In 2017, Fowler moved to Salt Lake City and married his wife, Kailee. He streamed full-time on Twitch and earned income through a combination of subscriptions, ad revenue and donations from viewers. Fowler describes himself as “not a natural entertainer” and “sometimes a little needy,” but he cultivated a devoted audience thanks to a hard-earned reputation as a top Super Mario runner. And he helped build a community of gamers.
Less than two months after Fowler set his world record, a Japanese speedrunner named maibaRTA bested his time by 233 milliseconds. The Canadian expat had just announced he was about to do the unthinkable by beating the game using the “wrong warp”—an elaborate series of manoeuvres that produce, as if by magic, a pipe that transports the game’s titular plumber to the end screen. That method is nothing new—but Fowler pledged to do it blindfolded. He’s paused that effort for now, though. There’s a record to reclaim.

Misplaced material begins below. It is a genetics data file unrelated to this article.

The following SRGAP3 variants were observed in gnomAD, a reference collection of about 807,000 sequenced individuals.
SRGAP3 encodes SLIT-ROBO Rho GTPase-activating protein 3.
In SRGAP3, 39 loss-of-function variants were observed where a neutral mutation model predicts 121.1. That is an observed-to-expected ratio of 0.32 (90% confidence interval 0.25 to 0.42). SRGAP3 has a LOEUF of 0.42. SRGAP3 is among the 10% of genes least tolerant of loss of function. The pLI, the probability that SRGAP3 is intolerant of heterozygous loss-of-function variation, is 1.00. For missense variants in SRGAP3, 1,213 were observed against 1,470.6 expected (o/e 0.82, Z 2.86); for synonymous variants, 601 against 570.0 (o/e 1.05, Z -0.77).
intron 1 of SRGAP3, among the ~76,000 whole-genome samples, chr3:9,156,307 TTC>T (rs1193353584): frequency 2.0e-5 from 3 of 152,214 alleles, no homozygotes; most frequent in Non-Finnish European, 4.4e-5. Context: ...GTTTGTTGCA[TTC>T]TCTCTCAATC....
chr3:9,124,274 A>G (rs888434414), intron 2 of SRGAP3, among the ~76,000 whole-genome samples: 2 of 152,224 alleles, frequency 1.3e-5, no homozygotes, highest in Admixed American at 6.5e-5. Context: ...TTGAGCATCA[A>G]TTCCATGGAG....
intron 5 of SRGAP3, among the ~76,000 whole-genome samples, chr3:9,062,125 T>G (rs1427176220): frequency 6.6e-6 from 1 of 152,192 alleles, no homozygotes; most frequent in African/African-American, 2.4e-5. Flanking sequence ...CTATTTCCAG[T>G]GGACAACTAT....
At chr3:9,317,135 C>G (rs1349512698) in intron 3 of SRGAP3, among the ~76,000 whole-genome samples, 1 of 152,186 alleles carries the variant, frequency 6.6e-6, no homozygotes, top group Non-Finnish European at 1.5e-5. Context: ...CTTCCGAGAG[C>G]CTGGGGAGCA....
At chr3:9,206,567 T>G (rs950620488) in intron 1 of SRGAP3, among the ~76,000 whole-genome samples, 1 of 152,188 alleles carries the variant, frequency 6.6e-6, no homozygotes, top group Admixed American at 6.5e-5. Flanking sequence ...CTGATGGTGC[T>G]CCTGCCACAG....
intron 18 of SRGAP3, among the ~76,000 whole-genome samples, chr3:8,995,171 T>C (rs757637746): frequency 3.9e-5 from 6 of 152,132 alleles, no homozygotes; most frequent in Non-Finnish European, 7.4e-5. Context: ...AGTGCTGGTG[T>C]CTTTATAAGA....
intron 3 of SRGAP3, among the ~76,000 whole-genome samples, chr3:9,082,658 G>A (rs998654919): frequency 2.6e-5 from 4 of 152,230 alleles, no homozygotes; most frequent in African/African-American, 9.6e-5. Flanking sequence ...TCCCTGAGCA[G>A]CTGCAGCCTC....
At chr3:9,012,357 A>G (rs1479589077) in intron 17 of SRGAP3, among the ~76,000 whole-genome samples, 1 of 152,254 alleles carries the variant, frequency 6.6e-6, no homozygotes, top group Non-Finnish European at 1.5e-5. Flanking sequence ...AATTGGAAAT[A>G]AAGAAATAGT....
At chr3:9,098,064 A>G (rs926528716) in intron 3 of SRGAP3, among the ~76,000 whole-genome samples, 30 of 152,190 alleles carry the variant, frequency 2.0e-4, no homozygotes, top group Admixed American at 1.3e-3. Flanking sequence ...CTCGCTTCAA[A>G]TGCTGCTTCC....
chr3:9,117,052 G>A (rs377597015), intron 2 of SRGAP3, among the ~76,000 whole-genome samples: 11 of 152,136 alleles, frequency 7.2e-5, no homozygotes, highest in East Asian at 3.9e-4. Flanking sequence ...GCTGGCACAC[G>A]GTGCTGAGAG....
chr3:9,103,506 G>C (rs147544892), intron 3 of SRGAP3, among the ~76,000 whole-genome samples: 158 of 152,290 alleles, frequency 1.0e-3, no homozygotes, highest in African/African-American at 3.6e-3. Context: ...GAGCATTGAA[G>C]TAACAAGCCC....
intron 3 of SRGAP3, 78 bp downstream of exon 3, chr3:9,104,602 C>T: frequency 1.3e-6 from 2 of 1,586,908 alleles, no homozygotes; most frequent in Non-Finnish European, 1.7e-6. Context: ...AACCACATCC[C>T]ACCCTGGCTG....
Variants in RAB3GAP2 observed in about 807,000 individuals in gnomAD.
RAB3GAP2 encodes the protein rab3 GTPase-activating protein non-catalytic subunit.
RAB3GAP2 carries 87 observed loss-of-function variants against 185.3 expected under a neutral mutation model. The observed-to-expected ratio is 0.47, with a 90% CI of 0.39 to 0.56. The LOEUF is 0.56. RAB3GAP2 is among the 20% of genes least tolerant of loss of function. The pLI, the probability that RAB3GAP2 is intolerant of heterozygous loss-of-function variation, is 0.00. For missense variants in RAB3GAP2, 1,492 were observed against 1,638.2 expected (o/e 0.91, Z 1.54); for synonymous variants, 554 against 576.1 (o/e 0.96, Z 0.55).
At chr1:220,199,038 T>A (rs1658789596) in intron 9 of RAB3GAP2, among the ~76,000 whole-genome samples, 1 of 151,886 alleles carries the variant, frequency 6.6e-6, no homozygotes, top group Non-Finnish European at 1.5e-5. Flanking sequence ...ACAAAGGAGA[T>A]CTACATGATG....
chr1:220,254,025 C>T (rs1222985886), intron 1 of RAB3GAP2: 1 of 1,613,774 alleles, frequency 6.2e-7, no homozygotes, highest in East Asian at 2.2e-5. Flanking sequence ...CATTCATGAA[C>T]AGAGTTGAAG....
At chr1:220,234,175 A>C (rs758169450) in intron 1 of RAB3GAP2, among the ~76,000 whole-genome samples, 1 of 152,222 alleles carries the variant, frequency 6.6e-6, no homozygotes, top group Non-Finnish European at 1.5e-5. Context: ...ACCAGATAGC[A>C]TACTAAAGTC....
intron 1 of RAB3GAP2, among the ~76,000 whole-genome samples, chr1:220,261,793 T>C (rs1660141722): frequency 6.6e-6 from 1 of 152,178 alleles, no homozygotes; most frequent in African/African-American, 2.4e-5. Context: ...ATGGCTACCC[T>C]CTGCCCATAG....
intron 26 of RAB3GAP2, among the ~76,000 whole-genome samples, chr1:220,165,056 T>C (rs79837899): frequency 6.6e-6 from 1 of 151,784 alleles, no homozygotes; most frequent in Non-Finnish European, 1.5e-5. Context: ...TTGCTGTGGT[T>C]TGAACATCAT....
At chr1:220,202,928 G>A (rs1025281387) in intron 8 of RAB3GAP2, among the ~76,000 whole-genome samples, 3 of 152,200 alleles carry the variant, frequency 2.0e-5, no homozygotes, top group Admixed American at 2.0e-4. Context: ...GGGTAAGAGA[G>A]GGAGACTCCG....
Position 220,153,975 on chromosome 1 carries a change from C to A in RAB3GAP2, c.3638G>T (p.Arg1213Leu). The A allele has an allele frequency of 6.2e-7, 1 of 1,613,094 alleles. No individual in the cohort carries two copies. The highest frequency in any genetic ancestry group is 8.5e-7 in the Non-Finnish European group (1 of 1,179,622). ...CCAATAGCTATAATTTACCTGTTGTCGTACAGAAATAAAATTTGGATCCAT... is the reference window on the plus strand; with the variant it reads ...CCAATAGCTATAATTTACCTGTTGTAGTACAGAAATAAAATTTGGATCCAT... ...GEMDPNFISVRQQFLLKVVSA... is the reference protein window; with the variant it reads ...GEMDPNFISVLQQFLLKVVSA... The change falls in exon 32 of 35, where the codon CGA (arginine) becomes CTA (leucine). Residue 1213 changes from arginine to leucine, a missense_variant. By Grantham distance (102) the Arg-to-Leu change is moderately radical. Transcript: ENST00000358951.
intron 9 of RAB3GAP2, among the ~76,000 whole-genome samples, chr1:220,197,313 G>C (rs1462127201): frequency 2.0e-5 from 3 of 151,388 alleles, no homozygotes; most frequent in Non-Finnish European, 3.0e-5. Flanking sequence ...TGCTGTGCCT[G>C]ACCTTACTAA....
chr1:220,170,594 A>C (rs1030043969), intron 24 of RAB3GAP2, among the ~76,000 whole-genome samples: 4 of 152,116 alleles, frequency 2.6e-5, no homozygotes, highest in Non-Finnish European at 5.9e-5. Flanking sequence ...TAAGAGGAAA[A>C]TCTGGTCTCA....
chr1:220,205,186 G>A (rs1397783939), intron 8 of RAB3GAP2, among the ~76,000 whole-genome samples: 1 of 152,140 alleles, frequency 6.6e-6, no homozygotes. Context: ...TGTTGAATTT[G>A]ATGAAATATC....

He used to feud with gamers in an ultra-competitive community bent on gaining an edge. Now they’re mostly united in pursuit of how far human beings can push their craft. “I get excited when someone beats my records,” he says. It’s just another reason to pick up the controller and break the game all over again.
This article appears in print in the August 2021 issue of Maclean’s magazine with the headline, “Running man.” Subscribe to the monthly print magazine here.